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War on Drugs - Background. Drug Wars both cause and encompass all forms of deviance: street crime, addicts, prostitutes to organized crime, political and organizational corruption, government assassination plots and corporate profiteering.

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war on drugs background
War on Drugs - Background
  • Drug Wars both cause and encompass all forms of deviance: street crime, addicts, prostitutes to organized crime, political and organizational corruption, government assassination plots and corporate profiteering.
  • Drug Wars designers take advantage of racism and xenophobia, frame them in Christian morality, and employ them for personal and political profit.
  • Drug laws can turn a law-abiding person into a criminal with the stroke of a pen.
  • The Drug War is the direct cause of the quadrupling of the US prison population and has led to a mass imprisonment society.
  • What Drug Wars rarely do is prevent or reduce drug addiction or use.
war on drugs
War on Drugs
  • Punishment for non-prescribed drug use is not correlated with health risk.
    • Consider alcohol: causes numerous health and social problems but it was seen that Prohibition was a disaster (although extreme consumption was reduced as a result, although a powerful education program might have been also effective). Also now legal but controlled, although there are some ‘dry’ counties. It is not illegal to be an alcoholic, although it can have serious consequences.
    • Consider tobacco: about 400,000/yr die in the US from diseases caused or exacerbated by tobacco. It is not illegal but it is controlled. Why do people smoke? What would happen if it were suddenly made illegal?
    • Consider marijuana: no fatalities or illness-related deaths. May aggravate (or relieve) depression, reduce motivation and drive. Appears to cause a higher risk of throat/esophageal cancer.
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War on Drugs
  • Substances for altering one’s state of consciousness are found in all cultures.
    • Even in the animal kingdom.
    • Even children.
    • These substances include natural substances such as: tobacco, chocolate, coffee, marijuana, coca, opium, certain kinds of mushrooms, peyote, and many others found in local ecologies.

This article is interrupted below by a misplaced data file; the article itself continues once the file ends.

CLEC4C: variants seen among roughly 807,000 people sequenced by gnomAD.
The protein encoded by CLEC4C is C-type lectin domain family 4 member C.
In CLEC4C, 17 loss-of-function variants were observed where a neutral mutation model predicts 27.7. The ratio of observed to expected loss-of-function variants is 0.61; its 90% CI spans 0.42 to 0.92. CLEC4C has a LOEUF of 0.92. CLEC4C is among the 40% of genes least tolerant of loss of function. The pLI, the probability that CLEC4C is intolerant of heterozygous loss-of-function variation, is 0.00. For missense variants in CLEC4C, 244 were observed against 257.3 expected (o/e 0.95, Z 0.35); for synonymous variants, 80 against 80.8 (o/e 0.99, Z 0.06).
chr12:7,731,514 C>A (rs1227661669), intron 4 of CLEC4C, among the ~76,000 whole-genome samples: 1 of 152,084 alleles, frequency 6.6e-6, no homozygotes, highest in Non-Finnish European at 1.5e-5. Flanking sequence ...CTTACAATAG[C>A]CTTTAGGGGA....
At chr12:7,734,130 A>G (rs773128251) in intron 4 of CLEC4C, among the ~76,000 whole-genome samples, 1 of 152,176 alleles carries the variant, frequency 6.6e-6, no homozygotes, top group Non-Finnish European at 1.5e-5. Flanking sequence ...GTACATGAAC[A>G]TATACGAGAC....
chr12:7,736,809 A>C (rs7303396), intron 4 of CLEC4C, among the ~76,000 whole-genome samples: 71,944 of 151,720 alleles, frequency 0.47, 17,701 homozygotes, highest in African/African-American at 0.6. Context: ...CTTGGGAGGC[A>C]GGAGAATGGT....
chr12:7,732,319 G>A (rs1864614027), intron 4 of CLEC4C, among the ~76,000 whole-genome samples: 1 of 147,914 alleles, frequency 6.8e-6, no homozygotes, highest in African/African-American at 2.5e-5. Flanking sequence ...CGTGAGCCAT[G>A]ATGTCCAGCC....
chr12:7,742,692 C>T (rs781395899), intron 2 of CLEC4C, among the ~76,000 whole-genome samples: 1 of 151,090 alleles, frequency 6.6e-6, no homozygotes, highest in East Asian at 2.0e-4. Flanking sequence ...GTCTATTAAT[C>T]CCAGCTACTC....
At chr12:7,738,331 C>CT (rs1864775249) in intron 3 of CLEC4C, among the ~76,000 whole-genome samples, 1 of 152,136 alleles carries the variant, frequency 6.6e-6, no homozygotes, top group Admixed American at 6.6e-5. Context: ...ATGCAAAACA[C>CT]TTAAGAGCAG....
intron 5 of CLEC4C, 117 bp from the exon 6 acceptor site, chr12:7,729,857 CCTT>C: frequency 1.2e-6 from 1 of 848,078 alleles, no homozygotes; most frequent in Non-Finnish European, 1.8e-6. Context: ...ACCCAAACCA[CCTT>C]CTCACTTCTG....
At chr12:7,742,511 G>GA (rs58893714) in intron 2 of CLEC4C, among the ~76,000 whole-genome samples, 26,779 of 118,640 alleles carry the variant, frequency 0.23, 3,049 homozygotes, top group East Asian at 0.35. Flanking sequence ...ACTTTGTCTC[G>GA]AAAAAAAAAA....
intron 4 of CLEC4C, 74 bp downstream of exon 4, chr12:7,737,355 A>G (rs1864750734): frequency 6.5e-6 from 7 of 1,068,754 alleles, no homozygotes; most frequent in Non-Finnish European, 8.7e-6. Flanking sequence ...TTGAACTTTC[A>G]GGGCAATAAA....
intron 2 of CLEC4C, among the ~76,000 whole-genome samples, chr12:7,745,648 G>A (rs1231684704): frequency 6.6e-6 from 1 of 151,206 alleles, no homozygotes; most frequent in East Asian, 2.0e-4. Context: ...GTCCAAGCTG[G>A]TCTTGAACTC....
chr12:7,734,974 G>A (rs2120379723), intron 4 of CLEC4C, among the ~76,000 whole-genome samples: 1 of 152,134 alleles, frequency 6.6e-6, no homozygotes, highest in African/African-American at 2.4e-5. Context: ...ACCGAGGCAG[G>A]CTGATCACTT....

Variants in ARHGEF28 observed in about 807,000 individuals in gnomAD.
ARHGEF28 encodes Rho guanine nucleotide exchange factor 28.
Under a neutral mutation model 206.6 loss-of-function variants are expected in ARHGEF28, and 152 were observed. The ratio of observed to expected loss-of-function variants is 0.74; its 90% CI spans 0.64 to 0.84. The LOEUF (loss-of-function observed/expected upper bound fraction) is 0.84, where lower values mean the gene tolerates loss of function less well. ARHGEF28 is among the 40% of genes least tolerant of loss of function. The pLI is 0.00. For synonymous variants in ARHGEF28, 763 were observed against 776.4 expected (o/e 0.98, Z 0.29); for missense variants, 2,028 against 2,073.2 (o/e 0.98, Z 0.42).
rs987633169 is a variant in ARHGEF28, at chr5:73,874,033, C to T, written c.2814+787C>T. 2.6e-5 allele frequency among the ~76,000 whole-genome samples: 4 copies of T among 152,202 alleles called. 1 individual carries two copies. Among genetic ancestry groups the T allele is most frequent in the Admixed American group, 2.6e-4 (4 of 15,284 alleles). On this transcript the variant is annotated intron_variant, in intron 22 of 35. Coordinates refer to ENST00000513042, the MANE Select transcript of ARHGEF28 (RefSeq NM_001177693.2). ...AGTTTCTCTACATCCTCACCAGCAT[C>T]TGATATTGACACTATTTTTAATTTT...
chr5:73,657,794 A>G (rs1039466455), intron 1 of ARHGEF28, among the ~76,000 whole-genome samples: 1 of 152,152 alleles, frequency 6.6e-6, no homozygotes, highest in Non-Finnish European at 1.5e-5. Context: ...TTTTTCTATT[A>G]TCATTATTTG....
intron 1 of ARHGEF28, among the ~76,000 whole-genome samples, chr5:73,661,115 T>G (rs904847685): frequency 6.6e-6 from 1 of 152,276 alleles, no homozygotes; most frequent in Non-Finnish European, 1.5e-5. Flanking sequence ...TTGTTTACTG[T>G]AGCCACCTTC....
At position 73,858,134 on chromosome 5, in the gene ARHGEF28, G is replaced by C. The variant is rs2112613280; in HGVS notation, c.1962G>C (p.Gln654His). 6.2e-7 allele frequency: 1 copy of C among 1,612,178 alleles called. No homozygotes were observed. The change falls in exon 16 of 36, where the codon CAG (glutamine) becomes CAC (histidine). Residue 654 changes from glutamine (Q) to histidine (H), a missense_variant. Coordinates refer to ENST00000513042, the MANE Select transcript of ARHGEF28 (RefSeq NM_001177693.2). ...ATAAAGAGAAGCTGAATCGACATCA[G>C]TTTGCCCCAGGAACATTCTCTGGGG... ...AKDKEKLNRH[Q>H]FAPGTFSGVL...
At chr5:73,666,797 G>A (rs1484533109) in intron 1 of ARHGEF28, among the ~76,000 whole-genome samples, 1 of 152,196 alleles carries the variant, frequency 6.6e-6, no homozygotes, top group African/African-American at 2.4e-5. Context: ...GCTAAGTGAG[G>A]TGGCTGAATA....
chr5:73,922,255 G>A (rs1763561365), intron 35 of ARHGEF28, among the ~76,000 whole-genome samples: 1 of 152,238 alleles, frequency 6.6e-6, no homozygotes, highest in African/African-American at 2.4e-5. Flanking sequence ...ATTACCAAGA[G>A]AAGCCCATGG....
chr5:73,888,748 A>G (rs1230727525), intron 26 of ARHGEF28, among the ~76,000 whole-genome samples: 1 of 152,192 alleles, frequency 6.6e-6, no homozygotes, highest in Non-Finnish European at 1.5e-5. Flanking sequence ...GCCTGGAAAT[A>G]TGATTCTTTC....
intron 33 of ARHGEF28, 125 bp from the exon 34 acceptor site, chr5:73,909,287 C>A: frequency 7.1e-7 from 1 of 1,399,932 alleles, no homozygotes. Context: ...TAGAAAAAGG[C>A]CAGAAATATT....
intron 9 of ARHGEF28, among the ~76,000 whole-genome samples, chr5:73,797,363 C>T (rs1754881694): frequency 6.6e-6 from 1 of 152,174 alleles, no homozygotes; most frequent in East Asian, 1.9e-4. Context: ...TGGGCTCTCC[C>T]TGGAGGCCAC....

• Don’t forget alcohol.
  • Development of more powerful and sophisticated substances flow from military need as well as pharmacological research.
  • Hypothesis: drug use can become a drug problem when substance ‘migrates’ to a new culture with no cultural role.
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War on Drugs

Our goal: To explain the existence, process and outcomes of Drug Wars, both in the US and internationally.

  • We’ll use primarily differential association (learning theory), functionalism (extant and latent), social control and conflict theory (symbolic crusades), and social psychology.
  • In addition, we’ll explore the impact of the development of the medical profession, government regulatory agencies (FDA), migration impacts, labor conditions and the economy, political power struggles. and US Foreign policy.
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War on Drugs

Basic premises:

  • One purposes of identifying a ‘social problem’ is to deflect criticism/attention away from structural problems in the distribution of economic and political power.
  • US society constructed a drug use mentality for both legal and illegal substances.
  • Value contested: “what’s wrong with getting high?” versus “getting high is immoral”.
  • “All use is abuse” versus “recreational use can be responsible.”
  • Drug war laws came into being to serve political and career purposes, then became part of the “way it’s done” even in the face of expert opinion and empirical evidence to the contrary.
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War on Drugs

Migration and Drug Wars

  • Drug problems are associated with problematic populations that ‘need’ to be controlled: immigrants, blacks, Mexicans, other Spanish-speaking cultures, Chinese.
  • Drug wars are implemented when there are no other ‘enemies’ (end of wars, times of economic stability, but also useful in times of economic destabilization, too).
  • Migration directly causes a mixing (and hence, confrontation) of cultures, class structure, etc.
  • Migration also supplies labor, may depress wages and displace native workers, or at least, be perceived as such, and therefore a desire to lash out at immigrants becomes more popular.
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War on Drugs

Social psychology of drug use.

  • Compare prescribed and over-the-counter messages to illicit substance message.